The province’s cap-and-trade system to control greenhouse gas emissions has been terminated. So too has the GreenOn program that municipalities, hospitals, colleges and universities, school boards and homeowners were counting on to help finance energy efficiency retrofits to their buildings, provide improved transit services and adapt to the increasingly obvious impacts of climate change.
On the electricity front, more than 700 renewable energy projects, mostly sponsored by municipalities and Indigenous communities, were arbitrarily cancelled.
The long-suffering ratepayers of Hydro One will find themselves having to absorb the $103 million cost of the failed attempt to acquire the United States utility Avista, an effort torpedoed by the premier’s firing of the CEO and board of the partially privatized utility.
The list of losers under the Ford regime is now expanding beyond the energy and climate change themes that were the early targets of his government.
Kindergarten and primary school students are now faced with the likelihood of larger class sizes.
Tenants are likely facing faster evictions.
Post-secondary institutions and their students have found that a tuition fee cut has translated into reductions in institutional budgets and student funding.
The parents and families of autistic children are emerging as the victims of a similar bait-and-switch funding strategy.
Those in need of complex health-care services may find themselves at the mercy of a proposed health mega-agency.
The emerging situation begs the question: Who’s winning in Doug Ford’s Ontario?
List of winners is short.
Despite the government’s frequent claims to be aiming to make the province “open for business,” there are surprisingly few clear winners under the Ford regime. Those who are winning hardly represent future pillars for Ontario’s economy and society.
Developers of sprawling low-density urban development, particularly on farmland locations at the periphery of existing cities and towns, have emerged as consistent favourites of the Ford regime.
Even before he was elected, the premier was caught making comments about opening “a big chunk” of the protected greenbelt of farms and forests surrounding the city of Toronto and other urban areas of southern Ontario to urban development.
After retreating from those statements in the heat of the campaign, once in government, Ford attempted to open the door to greenbelt development through Bill 66, the Restoring Ontario’s Competitiveness Act, only to have to reverse himself again in the face of intense public and municipal opposition.
Subdivisions, strip malls & parking lots.
More subtly, the government is now proposing changes to the GTA Regional Growth Plan.
The growth plan was adopted at the same time as the Greenbelt Plan as part of the province’s overall strategy to curb urban sprawl and spur the development of more complete communities designed to reduce the need to drive to work, school, shopping and other activities.
The Ford government’s proposed changes would reduce requirements for transit-viable new developments, and make urban expansions onto farmland easier.
Making it easier to turn prime agricultural land into subdivisions, strip malls and parking lots hardly constitutes a sustainable economic or environmental strategy for the province in the long term. Sprawling development embeds crippling long-term costs of maintaining roads, sewers and water lines and other infrastructure over large areas.
What’s more, low-density, single-use development patterns tend to work against mixing residential, economic, commercial and institutional land uses that have been associated with the kinds of creative, knowledge- and service-based activities that now provide the foundation for much of the greater Toronto area and Hamilton region’s economy.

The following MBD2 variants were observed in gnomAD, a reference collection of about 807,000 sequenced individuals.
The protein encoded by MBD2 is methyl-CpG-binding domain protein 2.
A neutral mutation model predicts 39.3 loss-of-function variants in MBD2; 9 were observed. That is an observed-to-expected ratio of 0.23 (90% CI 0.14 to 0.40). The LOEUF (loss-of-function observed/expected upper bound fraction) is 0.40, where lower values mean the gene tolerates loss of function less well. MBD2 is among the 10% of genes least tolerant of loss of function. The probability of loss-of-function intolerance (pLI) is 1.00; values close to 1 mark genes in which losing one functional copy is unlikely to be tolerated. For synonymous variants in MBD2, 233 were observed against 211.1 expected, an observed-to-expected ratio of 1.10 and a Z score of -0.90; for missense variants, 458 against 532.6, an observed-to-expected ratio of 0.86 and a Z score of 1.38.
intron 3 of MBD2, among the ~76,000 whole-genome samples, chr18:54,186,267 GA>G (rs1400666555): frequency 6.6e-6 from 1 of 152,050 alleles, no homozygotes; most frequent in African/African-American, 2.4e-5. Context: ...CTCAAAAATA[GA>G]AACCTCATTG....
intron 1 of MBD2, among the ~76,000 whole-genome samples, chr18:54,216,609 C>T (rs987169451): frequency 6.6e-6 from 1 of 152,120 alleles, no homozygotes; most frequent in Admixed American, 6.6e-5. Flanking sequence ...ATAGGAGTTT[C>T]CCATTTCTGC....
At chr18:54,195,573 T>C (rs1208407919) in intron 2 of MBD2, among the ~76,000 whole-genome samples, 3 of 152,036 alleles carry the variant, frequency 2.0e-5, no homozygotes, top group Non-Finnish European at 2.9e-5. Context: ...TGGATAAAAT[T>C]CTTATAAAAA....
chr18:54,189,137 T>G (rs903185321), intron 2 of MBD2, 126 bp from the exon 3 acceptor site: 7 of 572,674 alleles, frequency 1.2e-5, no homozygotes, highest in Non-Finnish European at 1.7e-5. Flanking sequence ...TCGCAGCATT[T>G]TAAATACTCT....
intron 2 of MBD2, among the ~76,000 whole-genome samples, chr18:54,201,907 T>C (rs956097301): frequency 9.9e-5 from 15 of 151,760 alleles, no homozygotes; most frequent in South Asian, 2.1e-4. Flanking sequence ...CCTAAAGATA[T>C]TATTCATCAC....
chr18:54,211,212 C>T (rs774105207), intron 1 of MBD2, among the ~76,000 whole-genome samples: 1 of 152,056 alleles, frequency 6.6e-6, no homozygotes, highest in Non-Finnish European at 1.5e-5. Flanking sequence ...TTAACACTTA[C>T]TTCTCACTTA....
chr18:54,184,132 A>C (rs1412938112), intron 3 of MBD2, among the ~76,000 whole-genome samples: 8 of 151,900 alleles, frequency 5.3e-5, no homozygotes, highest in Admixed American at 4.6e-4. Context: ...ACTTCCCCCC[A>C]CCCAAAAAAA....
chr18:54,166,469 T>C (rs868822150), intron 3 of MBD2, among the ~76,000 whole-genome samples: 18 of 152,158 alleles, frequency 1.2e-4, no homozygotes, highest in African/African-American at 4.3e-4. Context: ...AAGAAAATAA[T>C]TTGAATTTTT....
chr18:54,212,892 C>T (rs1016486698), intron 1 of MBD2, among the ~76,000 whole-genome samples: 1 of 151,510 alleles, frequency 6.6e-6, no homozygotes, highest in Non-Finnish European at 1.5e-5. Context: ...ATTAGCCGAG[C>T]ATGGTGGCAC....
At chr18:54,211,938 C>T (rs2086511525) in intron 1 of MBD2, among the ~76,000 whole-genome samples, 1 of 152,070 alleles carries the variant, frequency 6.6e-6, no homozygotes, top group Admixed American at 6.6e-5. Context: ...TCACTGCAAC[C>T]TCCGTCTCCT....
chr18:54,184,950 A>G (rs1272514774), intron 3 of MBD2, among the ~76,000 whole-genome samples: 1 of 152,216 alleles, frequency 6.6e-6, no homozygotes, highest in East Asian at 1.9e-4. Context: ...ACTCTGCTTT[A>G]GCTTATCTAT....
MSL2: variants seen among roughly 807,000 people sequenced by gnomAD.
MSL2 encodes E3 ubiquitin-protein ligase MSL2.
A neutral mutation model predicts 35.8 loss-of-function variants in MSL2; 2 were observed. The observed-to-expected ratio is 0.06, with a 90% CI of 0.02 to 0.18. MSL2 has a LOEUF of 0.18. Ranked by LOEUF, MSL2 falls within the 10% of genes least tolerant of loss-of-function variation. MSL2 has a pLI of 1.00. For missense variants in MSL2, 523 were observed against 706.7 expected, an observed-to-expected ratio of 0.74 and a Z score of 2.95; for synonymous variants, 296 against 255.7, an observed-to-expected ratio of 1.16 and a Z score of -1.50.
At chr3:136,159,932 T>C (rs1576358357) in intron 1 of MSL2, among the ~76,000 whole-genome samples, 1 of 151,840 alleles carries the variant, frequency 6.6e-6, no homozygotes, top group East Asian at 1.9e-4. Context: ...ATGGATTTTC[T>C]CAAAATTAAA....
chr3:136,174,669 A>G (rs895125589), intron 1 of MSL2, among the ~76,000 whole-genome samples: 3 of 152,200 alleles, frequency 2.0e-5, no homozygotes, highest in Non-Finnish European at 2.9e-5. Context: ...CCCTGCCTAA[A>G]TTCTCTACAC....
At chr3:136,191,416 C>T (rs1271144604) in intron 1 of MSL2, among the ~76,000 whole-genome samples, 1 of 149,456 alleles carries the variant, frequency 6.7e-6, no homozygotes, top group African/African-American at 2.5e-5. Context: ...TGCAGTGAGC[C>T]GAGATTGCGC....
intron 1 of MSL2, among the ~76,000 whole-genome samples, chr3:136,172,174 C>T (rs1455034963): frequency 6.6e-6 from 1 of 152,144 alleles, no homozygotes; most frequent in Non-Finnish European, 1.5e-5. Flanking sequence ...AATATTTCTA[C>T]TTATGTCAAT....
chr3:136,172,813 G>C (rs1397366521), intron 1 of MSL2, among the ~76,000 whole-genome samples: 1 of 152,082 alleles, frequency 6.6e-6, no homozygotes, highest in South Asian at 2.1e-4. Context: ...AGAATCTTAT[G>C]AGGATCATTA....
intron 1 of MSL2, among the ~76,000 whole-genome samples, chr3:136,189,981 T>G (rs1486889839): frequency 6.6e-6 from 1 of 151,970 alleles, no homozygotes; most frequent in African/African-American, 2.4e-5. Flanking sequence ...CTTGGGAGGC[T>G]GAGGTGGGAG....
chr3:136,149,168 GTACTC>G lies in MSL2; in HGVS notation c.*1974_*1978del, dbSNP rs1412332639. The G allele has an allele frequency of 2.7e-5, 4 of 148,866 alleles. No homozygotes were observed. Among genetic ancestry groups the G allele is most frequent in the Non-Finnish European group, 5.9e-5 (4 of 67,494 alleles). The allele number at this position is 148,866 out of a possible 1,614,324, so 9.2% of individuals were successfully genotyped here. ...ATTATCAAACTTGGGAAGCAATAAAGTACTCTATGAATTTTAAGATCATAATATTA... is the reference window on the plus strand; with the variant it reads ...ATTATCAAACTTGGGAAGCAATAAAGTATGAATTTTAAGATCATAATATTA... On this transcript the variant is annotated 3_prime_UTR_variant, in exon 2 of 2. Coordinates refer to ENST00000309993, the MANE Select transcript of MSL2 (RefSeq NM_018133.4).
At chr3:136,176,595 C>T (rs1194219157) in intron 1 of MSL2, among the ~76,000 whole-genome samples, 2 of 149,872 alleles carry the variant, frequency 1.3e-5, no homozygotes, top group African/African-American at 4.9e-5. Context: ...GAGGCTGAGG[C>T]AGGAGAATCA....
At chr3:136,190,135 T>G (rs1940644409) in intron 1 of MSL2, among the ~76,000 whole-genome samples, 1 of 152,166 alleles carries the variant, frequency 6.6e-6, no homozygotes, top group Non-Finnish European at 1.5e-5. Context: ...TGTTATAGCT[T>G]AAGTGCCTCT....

Nuclear industry a winner.
The second major winner so far appears to be the province’s nuclear industry.
The Ford government made early and completely unexamined commitments to the “life extension” of the aged nuclear facility in Pickering, east of Toronto, and to carry forward refurbishments of the Bruce and Darlington facilities.
These projects constitute the largest energy investments in the province’s history and, as highlighted in the previous government’s own energy plan, will be drivers of future increases in electricity rates for decades to come.
While these projects provide short-term employment in the regions associated with these facilities, in the longer term, the sector looks like a technological dead end. There have been no new CANDU reactor sales in more than two decades, and the few other new nuclear projects that were going forward in the United States, the United Kingdom, France and Finland have been largely abandoned by their proponents as hopelessly uneconomic.
In effect, the Ford government has further reinforced the reliance of the Ontario electricity sector on nuclear energy, while other jurisdictions in North America and Europe moving forward with other emerging energy technologies focused on smart grids, renewable energy generation and energy storage.
The result, in combination with the government’s aversion to anything to do with renewable energy, may be to sideline the province’s role in the development of technologies that likely represent the best future pathways to environmentally and economically sustainable energy systems.
An economic strategy that focuses on facilitating urban sprawl and propping up a declining nuclear industry hardly provides a viable guide for the province’s future.
The very short list of winners, and a growing list of losers, in Doug Ford’s Ontario cannot bode well for the government’s political future.
The government needs to come up with a more sophisticated understanding of what “open for business” might really mean for an advanced sub-national jurisdiction in the 21st century, before its own political future, and more importantly, the province’s economy, environment